US economy receives more indications of strength confirming the dollar rally still intact

Despite being down 2% in Q4, the US dollar is up 6.5% since April 2018. Continuous strong economic data out of the US leaves FX markets believing the rally will continue. The British pound is stronger today on Brexit concerns and the Canadian dollar fell on weak retail sales. Trading is light going into the Holiday week. 

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  • FX Rates
    December 20, 2019

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  • USD

    The final reading for Q3 GDP (+2.1%) was in-line with expectations but Personal Consumption was higher at 3.2%. The dollar, already stronger vs. the euro and Canadian dollar, shot even higher on the economic data. More data expected later this morning on inflation for November and University of Michigan Sentiment survey.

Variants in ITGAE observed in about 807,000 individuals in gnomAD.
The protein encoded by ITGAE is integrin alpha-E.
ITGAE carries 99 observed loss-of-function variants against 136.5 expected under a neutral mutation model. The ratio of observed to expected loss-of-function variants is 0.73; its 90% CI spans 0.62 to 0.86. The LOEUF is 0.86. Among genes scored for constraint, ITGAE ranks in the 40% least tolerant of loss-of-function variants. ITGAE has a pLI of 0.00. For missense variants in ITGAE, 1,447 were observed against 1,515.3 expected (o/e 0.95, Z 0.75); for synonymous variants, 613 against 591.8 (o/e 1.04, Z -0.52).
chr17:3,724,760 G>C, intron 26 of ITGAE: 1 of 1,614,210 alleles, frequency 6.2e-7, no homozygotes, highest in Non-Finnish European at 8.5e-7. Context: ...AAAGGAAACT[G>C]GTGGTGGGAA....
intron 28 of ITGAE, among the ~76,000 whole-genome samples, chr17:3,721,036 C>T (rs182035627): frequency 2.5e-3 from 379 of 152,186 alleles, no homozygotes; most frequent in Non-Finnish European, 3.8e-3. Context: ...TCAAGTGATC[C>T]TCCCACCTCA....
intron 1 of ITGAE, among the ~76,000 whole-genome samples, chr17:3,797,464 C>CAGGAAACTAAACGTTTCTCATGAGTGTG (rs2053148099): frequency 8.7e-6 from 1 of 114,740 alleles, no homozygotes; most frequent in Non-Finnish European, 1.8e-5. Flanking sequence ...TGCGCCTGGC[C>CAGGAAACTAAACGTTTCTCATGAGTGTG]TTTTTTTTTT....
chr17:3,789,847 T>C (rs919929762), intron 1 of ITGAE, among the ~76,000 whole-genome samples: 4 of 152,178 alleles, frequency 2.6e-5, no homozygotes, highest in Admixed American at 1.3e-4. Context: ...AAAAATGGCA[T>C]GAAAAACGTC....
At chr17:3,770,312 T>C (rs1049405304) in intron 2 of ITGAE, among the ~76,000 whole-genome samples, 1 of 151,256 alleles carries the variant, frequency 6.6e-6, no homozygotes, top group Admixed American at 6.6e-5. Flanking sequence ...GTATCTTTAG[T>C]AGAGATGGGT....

The British pound is stronger today in volatile trading after significant losses yesterday afternoon. The pound is down 3.4% vs. the dollar since the euphoria of Boris Johnson's election on December 12. UK Parliament is now back in session with the priority of passing the EU withdrawal agreement. The agreement contains a provision that the UK will leave the EU by December 31, 2020 if there is a new trade agreement in place or not. Passage is not expected until January.


    The euro weakened after economic data across the eurozone failed to show much strength. 


    The Canadian dollar is weaker this morning after Retail Sales for October (-1.2%) came in weaker than expected (+0.5%). Year-over-year retail sales fell -0.6%. The one bright spot was cannabis sales which grew 4.9%.


    The Indian rupee seems to have entered a trading range of between 70.50 and 72.50 since August 5. The currency is weaker today despite strong foreign investment inflows, especially into the Indian equity market. The Australian dollar continues to struggle to snap a bearish trend which began in early 2018 at 0.80 USD to an Aussie dollar.  Since the low of 0.6699 on October 2 the A-dollar has rallied 2.75% to 0.6897.  Market participants are concerned about the Australian economy.

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Peter Compton
Peter Compton

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